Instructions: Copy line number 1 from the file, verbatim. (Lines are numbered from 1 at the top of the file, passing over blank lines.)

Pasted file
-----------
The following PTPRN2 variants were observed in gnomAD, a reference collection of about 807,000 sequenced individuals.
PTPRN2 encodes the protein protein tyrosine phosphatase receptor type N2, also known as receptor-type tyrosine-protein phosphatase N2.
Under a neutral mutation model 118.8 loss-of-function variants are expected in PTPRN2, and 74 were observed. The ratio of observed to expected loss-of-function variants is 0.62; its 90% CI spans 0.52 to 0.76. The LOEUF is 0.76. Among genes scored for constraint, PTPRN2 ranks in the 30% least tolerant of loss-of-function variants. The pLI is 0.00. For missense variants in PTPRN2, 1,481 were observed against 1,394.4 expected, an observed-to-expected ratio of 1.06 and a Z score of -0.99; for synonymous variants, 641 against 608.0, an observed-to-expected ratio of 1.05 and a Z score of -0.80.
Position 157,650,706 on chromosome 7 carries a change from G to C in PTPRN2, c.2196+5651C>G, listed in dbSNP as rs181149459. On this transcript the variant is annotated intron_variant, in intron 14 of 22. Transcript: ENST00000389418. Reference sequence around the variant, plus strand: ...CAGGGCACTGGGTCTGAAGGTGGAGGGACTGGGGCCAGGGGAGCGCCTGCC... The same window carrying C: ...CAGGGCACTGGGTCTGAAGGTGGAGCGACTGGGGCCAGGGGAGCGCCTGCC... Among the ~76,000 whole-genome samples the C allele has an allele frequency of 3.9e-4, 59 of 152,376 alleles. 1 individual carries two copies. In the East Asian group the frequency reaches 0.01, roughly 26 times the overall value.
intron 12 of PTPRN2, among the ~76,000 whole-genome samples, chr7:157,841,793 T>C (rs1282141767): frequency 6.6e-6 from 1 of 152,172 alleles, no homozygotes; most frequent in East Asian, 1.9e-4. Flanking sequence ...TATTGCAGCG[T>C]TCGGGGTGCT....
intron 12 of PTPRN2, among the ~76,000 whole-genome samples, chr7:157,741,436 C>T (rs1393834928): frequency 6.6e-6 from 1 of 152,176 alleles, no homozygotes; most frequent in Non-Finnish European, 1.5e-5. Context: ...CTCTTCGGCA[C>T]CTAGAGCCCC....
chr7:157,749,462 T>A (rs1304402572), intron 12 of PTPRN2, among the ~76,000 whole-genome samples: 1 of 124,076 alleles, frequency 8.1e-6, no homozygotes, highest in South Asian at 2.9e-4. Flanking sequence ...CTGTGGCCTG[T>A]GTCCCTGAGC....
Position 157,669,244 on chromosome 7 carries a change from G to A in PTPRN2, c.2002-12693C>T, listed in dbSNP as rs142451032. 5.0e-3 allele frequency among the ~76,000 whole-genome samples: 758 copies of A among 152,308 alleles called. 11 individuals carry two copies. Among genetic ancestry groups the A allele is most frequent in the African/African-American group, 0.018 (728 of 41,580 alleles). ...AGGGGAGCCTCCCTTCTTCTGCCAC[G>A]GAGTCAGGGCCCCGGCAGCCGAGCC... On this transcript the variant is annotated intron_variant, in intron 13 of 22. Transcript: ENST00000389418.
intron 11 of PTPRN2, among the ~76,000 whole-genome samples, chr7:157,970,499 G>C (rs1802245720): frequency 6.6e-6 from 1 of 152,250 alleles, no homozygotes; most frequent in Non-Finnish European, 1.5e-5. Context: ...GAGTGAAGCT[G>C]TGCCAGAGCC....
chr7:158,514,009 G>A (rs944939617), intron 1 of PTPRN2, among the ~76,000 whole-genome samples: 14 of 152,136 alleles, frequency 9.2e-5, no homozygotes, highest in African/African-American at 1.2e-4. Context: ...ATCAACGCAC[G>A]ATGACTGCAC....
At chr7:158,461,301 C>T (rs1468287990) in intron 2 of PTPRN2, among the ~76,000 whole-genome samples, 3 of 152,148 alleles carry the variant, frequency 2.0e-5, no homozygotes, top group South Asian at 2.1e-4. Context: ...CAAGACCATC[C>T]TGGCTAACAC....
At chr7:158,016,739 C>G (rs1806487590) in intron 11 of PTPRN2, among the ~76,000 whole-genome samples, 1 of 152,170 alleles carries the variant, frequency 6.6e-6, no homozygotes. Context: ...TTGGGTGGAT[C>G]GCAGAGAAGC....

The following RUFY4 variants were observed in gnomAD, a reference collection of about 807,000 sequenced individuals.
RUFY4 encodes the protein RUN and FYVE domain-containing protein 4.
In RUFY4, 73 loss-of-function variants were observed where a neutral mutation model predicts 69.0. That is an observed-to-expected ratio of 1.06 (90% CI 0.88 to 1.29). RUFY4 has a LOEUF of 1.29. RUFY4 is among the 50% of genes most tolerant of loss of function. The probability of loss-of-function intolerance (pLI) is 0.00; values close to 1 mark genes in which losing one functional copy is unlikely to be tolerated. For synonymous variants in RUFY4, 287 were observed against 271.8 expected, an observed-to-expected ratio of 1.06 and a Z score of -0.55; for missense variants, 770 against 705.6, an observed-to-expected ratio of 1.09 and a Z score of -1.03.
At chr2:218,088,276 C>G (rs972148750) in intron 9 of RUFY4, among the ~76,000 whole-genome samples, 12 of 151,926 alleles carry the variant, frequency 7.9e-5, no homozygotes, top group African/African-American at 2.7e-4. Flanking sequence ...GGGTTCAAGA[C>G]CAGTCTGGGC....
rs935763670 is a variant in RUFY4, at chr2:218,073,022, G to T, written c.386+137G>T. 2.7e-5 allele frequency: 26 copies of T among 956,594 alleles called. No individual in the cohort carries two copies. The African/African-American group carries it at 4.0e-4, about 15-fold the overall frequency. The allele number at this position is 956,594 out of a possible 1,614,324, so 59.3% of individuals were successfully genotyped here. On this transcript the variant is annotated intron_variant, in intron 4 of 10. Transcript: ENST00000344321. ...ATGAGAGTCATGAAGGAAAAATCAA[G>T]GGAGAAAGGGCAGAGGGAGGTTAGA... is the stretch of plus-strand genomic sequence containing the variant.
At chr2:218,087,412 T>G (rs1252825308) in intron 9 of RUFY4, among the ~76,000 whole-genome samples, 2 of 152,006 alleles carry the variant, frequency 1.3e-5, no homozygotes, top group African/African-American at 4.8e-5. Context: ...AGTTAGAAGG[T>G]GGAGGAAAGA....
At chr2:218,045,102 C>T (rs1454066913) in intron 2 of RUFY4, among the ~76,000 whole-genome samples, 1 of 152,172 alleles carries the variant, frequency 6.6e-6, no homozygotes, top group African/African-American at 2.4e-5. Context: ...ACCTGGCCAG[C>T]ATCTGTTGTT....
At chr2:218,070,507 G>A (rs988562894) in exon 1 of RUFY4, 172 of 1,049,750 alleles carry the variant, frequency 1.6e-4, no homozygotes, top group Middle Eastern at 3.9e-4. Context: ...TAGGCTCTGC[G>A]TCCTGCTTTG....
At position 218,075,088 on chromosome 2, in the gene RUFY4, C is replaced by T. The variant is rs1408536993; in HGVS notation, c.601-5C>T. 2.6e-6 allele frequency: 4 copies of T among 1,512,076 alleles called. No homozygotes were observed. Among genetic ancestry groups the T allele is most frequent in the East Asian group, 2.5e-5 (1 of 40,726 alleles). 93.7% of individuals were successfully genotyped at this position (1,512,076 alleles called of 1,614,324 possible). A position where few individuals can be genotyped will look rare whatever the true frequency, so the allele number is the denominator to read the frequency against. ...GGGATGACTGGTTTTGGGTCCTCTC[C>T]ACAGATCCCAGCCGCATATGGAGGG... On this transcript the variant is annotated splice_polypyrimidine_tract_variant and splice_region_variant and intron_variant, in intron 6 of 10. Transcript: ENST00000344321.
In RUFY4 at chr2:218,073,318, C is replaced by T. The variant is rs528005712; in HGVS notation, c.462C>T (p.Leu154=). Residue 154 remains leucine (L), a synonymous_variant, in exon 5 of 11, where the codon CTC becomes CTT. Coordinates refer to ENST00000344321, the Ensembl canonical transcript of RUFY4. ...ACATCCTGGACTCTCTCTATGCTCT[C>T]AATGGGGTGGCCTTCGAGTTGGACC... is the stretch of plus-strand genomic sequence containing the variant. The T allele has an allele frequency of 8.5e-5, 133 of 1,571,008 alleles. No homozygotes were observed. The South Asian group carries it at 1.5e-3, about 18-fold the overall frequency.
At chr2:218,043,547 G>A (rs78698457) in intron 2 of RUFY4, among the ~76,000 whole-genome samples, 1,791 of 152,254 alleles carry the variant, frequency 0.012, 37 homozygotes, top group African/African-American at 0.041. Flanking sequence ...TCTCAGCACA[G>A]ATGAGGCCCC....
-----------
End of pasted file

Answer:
The following PTPRN2 variants were observed in gnomAD, a reference collection of about 807,000 sequenced individuals.